Do Parenting Styles Emphasized By Popular Culture Affect The Development of Empathy?
What Type Of Parenting Styles Promote Empathy?
Posted June 1, 2010
Recently Kate Gosselin of TLC's reality show "Kate plus eight" was quoted telling one of her older daughters to "give her a break" because she has had a rough year. Apparently, she had forgotten to sign her daughter up for an extracurricular school activity. This led to a number of her critics pouncing on the story, to claim how shallow and irresponsible of a mother she allegedly is. The critics were apparently based on the assertion that parents are not supposed to share information on how rough of a time they are having.
My take on the story is simple, Kate Gosselin probably felt guilty over forgetting to sign her daughter up for the extracurricular activity, and in addition to dealing with feelings of being overwhelmed, she made her statement in order to get her child to empathize with her.
Reality television sensationalism aside, there is an element of familiarity with the criticism being leveled at Ms. Gosselin, and that is the belief that parents should assume solely an authoritarian relationship with their children and they should limit the extent of personal information they share with their children. While it is obvious regarding the reasons parents should be cognizant about the type of information they share with their children, there is certainly a concern about the mental health consequences that could result with a child who never gets to understand the more human side of his or her parents. Time and time again, it appears that where a criticism is made of a parent in the media, the default agreement is that the parent being criticized should resort to an authoritarian style of parenting his or her child, except in cases of physical trauma resulting from child abuse.
There are three main styles of parenting, agreed upon by mental health clinicians. These styles are authoritative, authoritarian and permissive.
With authoritative parenting, parents are consistent in maintaining a balance between being firm and caring with their children. They have no problems setting clear boundaries with their children, primarily because when it comes to discipline, these parents are cognizant about coming from a place of caring. With authoritarian parenting, parents maintain rigid boundaries with their children, and consistently come from a place of power and control in the relationship. Typically with authoritarian parents, when their decisions are questioned by the child, they will usually respond with, "because I am your father - or mother".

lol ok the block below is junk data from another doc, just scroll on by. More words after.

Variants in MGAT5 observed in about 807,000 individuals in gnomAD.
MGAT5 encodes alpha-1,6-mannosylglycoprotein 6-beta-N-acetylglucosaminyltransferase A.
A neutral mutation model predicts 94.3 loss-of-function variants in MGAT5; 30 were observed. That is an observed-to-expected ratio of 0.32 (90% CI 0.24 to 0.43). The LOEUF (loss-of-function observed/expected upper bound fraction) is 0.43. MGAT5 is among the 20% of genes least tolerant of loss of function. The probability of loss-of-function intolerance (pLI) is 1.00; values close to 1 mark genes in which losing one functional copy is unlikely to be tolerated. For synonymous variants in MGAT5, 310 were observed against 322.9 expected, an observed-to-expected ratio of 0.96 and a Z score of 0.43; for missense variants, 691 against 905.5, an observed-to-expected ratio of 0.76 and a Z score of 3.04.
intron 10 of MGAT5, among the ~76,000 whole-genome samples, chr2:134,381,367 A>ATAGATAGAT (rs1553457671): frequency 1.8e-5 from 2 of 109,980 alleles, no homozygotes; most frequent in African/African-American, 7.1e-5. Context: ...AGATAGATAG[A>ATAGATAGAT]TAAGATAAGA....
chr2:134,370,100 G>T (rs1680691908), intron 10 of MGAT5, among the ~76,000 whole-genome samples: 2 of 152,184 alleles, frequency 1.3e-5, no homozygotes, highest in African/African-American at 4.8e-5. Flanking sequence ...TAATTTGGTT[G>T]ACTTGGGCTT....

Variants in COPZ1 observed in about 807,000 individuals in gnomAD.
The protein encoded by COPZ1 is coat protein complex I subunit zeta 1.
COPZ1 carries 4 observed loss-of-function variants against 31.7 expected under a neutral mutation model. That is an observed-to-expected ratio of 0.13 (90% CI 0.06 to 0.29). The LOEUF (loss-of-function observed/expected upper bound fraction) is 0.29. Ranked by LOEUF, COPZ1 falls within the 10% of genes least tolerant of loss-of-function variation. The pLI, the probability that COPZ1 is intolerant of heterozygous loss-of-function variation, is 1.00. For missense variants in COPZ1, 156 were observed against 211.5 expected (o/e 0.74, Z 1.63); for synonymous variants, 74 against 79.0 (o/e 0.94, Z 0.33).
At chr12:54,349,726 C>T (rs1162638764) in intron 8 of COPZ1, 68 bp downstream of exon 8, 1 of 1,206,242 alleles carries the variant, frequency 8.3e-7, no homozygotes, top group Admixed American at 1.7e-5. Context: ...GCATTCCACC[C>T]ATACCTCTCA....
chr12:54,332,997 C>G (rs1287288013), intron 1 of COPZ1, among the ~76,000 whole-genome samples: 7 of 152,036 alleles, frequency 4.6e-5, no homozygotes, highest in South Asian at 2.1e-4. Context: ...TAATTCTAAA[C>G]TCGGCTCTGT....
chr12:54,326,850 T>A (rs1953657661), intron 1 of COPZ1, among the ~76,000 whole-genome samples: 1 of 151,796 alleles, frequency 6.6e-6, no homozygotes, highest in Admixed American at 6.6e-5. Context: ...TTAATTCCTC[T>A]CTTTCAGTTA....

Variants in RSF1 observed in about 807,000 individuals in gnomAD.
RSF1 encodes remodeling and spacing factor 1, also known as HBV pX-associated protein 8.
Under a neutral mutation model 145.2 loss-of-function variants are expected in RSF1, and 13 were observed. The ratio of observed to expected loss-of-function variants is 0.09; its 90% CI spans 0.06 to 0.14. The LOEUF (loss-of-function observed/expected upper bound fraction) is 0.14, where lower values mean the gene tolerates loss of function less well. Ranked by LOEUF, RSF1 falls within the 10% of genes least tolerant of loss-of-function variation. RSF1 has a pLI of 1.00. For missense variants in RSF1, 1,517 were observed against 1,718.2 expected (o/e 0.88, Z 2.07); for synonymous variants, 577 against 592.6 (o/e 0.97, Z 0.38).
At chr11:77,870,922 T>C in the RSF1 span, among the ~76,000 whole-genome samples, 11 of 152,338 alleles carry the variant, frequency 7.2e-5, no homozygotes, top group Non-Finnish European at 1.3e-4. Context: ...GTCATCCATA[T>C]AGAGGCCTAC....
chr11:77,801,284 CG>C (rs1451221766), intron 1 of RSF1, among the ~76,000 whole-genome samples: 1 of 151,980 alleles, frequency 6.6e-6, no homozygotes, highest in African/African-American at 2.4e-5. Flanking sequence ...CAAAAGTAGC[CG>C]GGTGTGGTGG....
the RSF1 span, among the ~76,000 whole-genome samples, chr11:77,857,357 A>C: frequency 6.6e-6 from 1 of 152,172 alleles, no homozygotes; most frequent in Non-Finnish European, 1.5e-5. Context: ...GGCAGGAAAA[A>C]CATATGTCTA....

With permissive parenting, parents typically set little or no boundaries with their children and as a result find little to no need to discipline their children. There are two types of permissive parenting, overindulgence, and detachment. With overindulgence, parents will excessively pamper and give in to the demands of their children while failing to establish healthy boundaries in the relationship most of the time. With detachment, parents are not emotionally present or involved in the life of their children. Of all three styles of parenting, authoritative parenting is deemed the most balanced and healthy.
Parents who practice the authoritative style of parenting, consistently practice a balance of firmness and caring in their relationship with their children. Authoritative parents routinely will share their positive and negative feelings with their children, and they routinely do so, without having any problems in maintaining healthy boundaries.
So how exactly do these parenting styles affect the development of empathy, or the lack there of? With authoritarian parenting, children are more likely to objectify themselves and others, this is because the fundamentals of their relationship with their parents or guardians from their early life experience, was mostly void of verbalization and expression of emotions. Authoritarian parents are for the most part rigid and stark with their children, and children raised by such parents struggle to understand the feelings of others, as they find themselves more comfortable with with rule based relationships and structures.
Children raised by overindulged and permissive parents, have a tendency to develop a false sense of entitlement, and present to others as being too self centered. While children raised by detached permissive parents, struggle to make meaningful connections with others in their lives. Given that empathy is the practice of understanding and caring about others, the typical consequences of being raised in a strictly authoritarian and permissive parenting household, can lead a person to struggle considerably in understanding the concept of empathy, talk less practicing the concept.
When criticizing a parent, most self appointed critics tend to default to encouraging an authoritarian style of parenting. This is because society prefers for children and adolescents to be well behaved and respectable, and of course when ever the ideals of an authoritarian parenting style is evoked, it is usually compared to more permissive styles of parenting, which is traditionally frowned upon. The idea of a minor calling his or her own shots and running amok, is something most people frown upon.
Time and time again, there are stories in the news media about a screaming child and his or her family kicked off a public space, because some patrons decided that they could not bare the child's tantrums anymore. For some reason, it typically occurs on planes, such at this story. It's not as if, none of us were never children and we didn't give our parents or caretakers, our own share of grief.
There are currently no solutions being proposed to counter the emphasis of authoritarian parenting in today's culture, except to be the change that you believe fit.